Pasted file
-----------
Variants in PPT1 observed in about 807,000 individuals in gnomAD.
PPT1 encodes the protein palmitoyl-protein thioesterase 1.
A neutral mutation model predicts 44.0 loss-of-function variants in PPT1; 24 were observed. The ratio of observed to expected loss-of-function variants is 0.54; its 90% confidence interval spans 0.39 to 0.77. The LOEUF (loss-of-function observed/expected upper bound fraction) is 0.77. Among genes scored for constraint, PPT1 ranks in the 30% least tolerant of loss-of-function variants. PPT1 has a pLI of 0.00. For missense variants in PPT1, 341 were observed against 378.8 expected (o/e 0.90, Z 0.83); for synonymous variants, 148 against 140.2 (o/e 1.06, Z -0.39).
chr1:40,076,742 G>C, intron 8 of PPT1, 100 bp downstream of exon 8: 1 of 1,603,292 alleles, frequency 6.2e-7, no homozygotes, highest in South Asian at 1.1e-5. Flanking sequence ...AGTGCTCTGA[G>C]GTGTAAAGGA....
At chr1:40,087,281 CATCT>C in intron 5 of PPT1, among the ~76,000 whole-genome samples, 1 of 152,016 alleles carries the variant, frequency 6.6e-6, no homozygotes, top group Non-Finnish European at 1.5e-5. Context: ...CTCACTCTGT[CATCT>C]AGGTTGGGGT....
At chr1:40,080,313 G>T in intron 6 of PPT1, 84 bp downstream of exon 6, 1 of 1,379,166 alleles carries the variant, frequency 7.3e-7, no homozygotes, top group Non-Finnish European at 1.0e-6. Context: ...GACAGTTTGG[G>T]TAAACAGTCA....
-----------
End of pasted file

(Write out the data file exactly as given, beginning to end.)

Variants in PPT1 observed in about 807,000 individuals in gnomAD.
PPT1 encodes the protein palmitoyl-protein thioesterase 1.
A neutral mutation model predicts 44.0 loss-of-function variants in PPT1; 24 were observed. The ratio of observed to expected loss-of-function variants is 0.54; its 90% confidence interval spans 0.39 to 0.77. The LOEUF (loss-of-function observed/expected upper bound fraction) is 0.77. Among genes scored for constraint, PPT1 ranks in the 30% least tolerant of loss-of-function variants. PPT1 has a pLI of 0.00. For missense variants in PPT1, 341 were observed against 378.8 expected (o/e 0.90, Z 0.83); for synonymous variants, 148 against 140.2 (o/e 1.06, Z -0.39).
chr1:40,076,742 G>C, intron 8 of PPT1, 100 bp downstream of exon 8: 1 of 1,603,292 alleles, frequency 6.2e-7, no homozygotes, highest in South Asian at 1.1e-5. Flanking sequence ...AGTGCTCTGA[G>C]GTGTAAAGGA....
At chr1:40,087,281 CATCT>C in intron 5 of PPT1, among the ~76,000 whole-genome samples, 1 of 152,016 alleles carries the variant, frequency 6.6e-6, no homozygotes, top group Non-Finnish European at 1.5e-5. Context: ...CTCACTCTGT[CATCT>C]AGGTTGGGGT....
At chr1:40,080,313 G>T in intron 6 of PPT1, 84 bp downstream of exon 6, 1 of 1,379,166 alleles carries the variant, frequency 7.3e-7, no homozygotes, top group Non-Finnish European at 1.0e-6. Context: ...GACAGTTTGG[G>T]TAAACAGTCA....